A RAS Specialist Discussion Meeting on the topic of “Radiation belt modelling in the post Van Allen Probes era” will be held on Friday 10th January 2020 at the Royal Astronomical Society, Burlington House. This meeting will include keynote talks from Lauren Blum (NASA GSFC), Ewan Haggerty (Airbus Space and Defense), and Yuri Shprits (UCLA & GFZ Potsdam). Further details can be found on the RAS website.
Abstracts can be submitted through a Google Form. The deadline for abstract submission is 4 October 2019.
RAS discussion meetings can provide a slightly different forum to that of a standard scientific meeting. It may be beneficial to particularly consider the "discussion" aspect of the meeting when submitting an abstract, i.e. open questions and future challenges, hypotheses, possible collaborations, negative results etc. Therefore, in addition to "standard" abstracts, we particularly welcome talk, poster and lightning talk abstracts that are specifically aimed at generating discussion.
Admission to Specialist Discussion Meetings is free for RAS Fellows, £15 for non-fellows (£5 for students), cash or cheque only, collected at the registration desk. Admission to the subsequent Open (Monthly A&G) Meeting of the Royal Astronomical Society is open to all, at no charge.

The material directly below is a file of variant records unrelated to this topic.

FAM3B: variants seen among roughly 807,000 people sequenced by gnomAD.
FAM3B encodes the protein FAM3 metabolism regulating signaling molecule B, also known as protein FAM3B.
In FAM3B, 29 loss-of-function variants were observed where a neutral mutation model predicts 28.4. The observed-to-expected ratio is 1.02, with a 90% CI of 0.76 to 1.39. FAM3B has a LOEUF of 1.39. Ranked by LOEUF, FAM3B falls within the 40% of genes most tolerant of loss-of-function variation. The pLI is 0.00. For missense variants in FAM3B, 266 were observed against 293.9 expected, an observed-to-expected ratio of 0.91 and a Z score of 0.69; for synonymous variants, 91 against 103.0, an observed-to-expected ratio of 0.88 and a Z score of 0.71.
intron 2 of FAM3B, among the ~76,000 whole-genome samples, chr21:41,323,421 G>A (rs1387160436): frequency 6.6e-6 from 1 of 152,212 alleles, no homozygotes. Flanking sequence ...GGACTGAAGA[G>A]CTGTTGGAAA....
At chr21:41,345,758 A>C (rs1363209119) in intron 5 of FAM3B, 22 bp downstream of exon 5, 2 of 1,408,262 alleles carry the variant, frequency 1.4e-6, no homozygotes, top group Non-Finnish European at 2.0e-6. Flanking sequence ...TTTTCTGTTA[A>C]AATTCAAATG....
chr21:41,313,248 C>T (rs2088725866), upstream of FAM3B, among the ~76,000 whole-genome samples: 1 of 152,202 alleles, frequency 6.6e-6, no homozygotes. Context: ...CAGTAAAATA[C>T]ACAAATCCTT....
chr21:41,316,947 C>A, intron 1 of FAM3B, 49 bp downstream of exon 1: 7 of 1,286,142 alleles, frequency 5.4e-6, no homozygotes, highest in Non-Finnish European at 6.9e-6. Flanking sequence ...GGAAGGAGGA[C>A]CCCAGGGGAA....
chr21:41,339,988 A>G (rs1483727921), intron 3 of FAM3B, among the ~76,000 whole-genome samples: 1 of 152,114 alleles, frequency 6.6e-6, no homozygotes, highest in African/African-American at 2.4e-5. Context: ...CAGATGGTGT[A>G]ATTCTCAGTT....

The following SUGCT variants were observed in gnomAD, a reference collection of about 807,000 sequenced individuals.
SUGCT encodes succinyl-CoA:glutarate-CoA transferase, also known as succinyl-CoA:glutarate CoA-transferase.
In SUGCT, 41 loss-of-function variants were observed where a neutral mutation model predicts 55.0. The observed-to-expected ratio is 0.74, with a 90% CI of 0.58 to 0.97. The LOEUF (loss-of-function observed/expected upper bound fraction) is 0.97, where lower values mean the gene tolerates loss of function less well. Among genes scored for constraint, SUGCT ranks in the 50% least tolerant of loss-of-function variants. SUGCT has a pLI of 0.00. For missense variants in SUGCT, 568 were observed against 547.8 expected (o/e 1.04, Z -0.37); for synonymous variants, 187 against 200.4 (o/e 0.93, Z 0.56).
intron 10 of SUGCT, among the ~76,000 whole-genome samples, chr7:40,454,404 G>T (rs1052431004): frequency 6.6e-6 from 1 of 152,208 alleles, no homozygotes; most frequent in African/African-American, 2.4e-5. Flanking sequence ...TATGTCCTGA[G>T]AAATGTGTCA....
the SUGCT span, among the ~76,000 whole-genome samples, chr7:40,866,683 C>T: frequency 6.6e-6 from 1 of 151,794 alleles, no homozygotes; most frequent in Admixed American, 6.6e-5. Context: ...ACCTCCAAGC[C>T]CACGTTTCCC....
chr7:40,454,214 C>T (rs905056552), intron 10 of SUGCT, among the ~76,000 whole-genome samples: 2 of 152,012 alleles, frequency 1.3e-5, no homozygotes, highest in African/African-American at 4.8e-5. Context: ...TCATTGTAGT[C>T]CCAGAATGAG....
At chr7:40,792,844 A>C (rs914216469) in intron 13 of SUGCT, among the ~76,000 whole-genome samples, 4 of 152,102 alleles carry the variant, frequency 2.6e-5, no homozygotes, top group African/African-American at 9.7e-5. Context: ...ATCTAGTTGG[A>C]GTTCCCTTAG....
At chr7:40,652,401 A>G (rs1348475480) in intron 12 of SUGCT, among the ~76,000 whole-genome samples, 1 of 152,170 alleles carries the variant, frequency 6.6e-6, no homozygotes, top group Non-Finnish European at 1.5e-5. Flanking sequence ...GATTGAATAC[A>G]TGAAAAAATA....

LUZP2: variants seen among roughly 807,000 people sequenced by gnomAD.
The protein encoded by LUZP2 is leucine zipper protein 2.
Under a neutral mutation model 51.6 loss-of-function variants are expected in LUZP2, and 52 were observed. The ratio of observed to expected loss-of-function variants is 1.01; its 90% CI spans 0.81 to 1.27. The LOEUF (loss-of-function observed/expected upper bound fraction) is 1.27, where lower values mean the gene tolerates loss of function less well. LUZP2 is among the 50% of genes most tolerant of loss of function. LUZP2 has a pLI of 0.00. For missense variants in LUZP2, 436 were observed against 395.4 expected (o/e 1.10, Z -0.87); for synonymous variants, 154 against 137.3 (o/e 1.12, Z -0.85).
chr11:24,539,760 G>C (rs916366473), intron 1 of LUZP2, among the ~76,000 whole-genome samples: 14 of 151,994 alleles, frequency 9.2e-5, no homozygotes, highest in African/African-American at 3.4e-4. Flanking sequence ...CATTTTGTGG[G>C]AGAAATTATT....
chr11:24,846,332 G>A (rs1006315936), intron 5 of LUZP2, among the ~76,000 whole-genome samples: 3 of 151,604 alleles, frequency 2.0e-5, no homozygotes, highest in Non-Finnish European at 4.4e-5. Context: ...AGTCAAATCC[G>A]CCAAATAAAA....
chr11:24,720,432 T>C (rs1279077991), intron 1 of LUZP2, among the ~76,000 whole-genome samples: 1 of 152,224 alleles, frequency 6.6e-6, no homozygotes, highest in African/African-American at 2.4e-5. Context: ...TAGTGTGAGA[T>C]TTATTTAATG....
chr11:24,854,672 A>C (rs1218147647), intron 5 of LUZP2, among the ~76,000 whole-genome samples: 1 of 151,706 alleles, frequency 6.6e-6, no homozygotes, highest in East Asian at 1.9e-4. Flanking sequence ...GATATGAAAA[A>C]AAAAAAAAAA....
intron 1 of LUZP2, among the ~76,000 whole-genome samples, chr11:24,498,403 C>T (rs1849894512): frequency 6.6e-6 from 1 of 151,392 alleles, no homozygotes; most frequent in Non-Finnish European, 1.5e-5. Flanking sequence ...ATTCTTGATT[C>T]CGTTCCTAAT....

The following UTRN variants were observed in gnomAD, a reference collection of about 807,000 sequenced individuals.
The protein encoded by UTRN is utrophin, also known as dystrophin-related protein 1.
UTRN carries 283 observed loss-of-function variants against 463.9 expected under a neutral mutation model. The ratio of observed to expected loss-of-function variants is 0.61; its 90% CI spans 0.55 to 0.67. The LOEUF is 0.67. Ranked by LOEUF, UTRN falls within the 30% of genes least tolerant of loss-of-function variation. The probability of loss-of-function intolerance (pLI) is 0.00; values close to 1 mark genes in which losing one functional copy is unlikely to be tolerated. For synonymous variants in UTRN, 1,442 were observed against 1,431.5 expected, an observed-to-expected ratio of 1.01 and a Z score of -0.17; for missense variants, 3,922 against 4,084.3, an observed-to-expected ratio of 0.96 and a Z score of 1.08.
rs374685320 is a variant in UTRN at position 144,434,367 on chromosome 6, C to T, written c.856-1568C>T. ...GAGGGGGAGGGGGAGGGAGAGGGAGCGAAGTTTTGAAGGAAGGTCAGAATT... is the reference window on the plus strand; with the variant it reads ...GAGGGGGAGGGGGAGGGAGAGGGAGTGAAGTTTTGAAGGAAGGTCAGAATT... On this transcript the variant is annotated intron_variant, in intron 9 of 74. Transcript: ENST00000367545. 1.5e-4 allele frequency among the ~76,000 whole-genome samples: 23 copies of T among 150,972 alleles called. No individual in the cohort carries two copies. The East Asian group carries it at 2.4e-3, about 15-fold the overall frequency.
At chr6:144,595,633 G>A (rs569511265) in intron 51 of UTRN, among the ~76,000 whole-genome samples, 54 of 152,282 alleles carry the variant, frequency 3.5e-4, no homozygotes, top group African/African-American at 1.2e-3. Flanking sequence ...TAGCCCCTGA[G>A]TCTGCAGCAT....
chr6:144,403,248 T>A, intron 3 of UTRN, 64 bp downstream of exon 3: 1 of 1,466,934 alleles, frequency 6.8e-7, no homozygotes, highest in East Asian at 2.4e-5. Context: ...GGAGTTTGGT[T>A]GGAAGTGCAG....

A Lorentz Center @ Snellius Workshop will take place in Leiden, Netherlands, between 2–6 September 2019, with the aim of making concrete steps towards improving space weather forecasts by implementing ensemble techniques. Researchers from academia, operations, and industry across all space weather disciplines will learn from experts in terrestrial weather forecasting and discuss next steps. The workshop is convened by Eelco Doornbos, Jordan Guerra, and Sophie Murray.
There are limited workshop spaces still available, therefore the co-convenors invite applications to attend the workshop. Please register your interest before 12th July via the workshop page on the Lorentz Center website, where you will also find more information. Note that there is no registration fee to attend, and some limited travel support may also be available (please indicate if this is needed in your application).
Ensemble techniques, which use a set of predictions to improve on a single-model output, have been very successful in improving operational weather forecasting and are also used in many other fields such as data science and economics. Their use in space weather forecasting could not only improve forecast accuracy but also provide simple model uncertainties that are crucial for improving end-user understanding of the products available. The main goal of this workshop is to make concrete steps towards improving the SW forecasting capabilities by implementing ensemble techniques that have been successful in other forecasting fields, especially terrestrial weather.
The STFC Introductory Solar System Plasmas Summer School will be held during 26–30 August 2019 at Aberystwyth University. Details about the summer school can be found on the school's website.